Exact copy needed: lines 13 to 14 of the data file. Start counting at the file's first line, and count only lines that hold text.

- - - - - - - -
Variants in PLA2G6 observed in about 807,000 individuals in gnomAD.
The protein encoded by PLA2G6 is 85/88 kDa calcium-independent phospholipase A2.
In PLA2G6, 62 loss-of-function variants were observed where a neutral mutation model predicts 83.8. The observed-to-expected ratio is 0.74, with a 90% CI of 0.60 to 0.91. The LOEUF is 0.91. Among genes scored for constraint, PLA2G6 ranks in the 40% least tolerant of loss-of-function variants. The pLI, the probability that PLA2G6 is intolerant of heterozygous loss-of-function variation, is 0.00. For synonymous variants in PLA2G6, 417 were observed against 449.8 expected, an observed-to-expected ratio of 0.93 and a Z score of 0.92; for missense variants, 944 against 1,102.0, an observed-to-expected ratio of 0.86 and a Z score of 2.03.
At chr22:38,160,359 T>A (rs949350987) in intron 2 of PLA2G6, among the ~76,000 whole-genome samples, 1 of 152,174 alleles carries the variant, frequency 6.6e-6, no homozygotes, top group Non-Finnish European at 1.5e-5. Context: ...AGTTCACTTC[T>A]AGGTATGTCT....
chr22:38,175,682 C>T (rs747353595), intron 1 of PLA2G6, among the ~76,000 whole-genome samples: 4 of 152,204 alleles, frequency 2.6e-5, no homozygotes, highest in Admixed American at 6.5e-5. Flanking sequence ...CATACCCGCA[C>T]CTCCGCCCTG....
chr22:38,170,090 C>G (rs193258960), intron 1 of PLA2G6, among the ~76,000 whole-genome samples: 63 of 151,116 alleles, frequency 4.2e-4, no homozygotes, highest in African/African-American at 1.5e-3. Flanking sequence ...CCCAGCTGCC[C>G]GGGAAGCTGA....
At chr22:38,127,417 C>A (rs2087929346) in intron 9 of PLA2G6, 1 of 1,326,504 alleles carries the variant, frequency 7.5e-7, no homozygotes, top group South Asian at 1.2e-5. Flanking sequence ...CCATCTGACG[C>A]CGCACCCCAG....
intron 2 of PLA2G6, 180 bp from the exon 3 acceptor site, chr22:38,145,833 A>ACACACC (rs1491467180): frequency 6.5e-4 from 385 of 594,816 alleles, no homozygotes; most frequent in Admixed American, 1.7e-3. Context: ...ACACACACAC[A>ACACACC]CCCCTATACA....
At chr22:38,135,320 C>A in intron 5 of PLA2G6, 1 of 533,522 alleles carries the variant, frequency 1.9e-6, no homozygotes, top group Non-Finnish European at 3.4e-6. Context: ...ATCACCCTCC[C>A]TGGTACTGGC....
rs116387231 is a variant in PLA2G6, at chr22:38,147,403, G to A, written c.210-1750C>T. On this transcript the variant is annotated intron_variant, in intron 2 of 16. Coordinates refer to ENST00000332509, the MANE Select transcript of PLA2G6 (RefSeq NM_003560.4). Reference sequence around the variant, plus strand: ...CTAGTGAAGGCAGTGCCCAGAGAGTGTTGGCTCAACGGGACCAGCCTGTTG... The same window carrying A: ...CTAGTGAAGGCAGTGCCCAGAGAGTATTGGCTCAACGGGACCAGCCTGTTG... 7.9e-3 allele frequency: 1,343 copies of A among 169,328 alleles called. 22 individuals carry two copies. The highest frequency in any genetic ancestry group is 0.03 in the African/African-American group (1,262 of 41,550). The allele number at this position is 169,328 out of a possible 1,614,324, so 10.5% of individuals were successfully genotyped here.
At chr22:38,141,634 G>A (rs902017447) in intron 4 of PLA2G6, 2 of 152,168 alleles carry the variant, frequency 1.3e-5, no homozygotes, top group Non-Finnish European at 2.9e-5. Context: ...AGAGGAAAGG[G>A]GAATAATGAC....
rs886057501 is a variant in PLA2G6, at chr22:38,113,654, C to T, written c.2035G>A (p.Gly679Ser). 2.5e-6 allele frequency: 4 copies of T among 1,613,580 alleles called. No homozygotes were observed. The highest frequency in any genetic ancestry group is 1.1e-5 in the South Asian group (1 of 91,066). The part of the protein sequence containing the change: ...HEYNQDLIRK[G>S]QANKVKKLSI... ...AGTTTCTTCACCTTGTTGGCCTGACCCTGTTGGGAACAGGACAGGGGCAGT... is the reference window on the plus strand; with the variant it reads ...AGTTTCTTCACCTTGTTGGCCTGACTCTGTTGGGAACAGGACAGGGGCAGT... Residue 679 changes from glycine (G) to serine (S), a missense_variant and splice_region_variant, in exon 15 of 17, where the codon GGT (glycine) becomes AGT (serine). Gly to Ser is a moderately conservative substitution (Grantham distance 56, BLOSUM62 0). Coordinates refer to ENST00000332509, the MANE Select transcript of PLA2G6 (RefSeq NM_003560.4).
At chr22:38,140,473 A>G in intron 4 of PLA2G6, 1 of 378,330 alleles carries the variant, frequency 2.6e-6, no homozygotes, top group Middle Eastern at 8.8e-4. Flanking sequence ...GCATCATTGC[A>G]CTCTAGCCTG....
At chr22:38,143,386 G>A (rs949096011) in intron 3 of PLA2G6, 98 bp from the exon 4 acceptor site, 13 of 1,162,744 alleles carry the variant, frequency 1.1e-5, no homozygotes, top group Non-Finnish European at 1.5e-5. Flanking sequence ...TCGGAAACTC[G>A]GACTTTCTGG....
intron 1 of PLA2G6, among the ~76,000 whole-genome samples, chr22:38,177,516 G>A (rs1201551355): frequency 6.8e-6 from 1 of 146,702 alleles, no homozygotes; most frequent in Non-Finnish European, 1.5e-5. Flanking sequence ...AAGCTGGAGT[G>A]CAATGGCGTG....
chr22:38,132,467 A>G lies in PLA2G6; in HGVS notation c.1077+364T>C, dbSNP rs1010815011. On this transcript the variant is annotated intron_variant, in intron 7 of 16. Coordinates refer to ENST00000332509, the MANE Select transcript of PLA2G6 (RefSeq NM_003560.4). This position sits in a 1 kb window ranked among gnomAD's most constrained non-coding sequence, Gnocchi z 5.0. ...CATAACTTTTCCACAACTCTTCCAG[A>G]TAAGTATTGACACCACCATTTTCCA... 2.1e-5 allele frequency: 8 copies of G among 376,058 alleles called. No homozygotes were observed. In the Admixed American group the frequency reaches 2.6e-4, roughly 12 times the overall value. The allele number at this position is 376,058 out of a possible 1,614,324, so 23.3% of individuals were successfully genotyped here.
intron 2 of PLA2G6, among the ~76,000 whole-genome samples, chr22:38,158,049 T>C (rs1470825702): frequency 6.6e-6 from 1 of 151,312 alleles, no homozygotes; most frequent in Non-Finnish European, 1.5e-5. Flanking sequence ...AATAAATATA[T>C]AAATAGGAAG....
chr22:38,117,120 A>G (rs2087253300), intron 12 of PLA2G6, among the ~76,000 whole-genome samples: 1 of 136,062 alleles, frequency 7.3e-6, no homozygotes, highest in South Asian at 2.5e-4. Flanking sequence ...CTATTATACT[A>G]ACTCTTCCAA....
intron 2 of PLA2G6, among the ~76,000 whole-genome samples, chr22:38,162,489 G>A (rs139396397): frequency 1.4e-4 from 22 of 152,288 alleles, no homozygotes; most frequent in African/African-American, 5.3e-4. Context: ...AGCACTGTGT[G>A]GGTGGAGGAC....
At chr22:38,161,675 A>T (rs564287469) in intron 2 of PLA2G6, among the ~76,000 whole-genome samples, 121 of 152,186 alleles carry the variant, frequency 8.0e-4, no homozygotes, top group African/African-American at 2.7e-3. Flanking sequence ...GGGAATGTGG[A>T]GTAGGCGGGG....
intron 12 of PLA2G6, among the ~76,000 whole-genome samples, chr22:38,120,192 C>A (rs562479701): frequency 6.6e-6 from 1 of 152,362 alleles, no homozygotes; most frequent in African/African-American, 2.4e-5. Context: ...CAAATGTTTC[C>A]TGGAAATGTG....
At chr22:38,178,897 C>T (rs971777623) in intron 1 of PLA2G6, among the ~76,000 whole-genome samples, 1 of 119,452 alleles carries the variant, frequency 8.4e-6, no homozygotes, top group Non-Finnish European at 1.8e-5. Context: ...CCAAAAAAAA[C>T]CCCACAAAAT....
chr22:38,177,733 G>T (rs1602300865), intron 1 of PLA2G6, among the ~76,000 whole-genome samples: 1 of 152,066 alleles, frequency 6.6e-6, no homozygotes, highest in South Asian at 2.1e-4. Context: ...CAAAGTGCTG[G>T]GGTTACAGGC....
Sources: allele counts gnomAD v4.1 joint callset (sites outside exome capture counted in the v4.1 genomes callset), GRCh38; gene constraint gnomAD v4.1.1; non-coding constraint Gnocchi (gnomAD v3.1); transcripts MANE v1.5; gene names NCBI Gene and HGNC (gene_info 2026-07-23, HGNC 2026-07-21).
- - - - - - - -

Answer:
At chr22:38,140,473 A>G in intron 4 of PLA2G6, 1 of 378,330 alleles carries the variant, frequency 2.6e-6, no homozygotes, top group Middle Eastern at 8.8e-4. Flanking sequence ...GCATCATTGC[A>G]CTCTAGCCTG....
At chr22:38,143,386 G>A (rs949096011) in intron 3 of PLA2G6, 98 bp from the exon 4 acceptor site, 13 of 1,162,744 alleles carry the variant, frequency 1.1e-5, no homozygotes, top group Non-Finnish European at 1.5e-5. Flanking sequence ...TCGGAAACTC[G>A]GACTTTCTGG....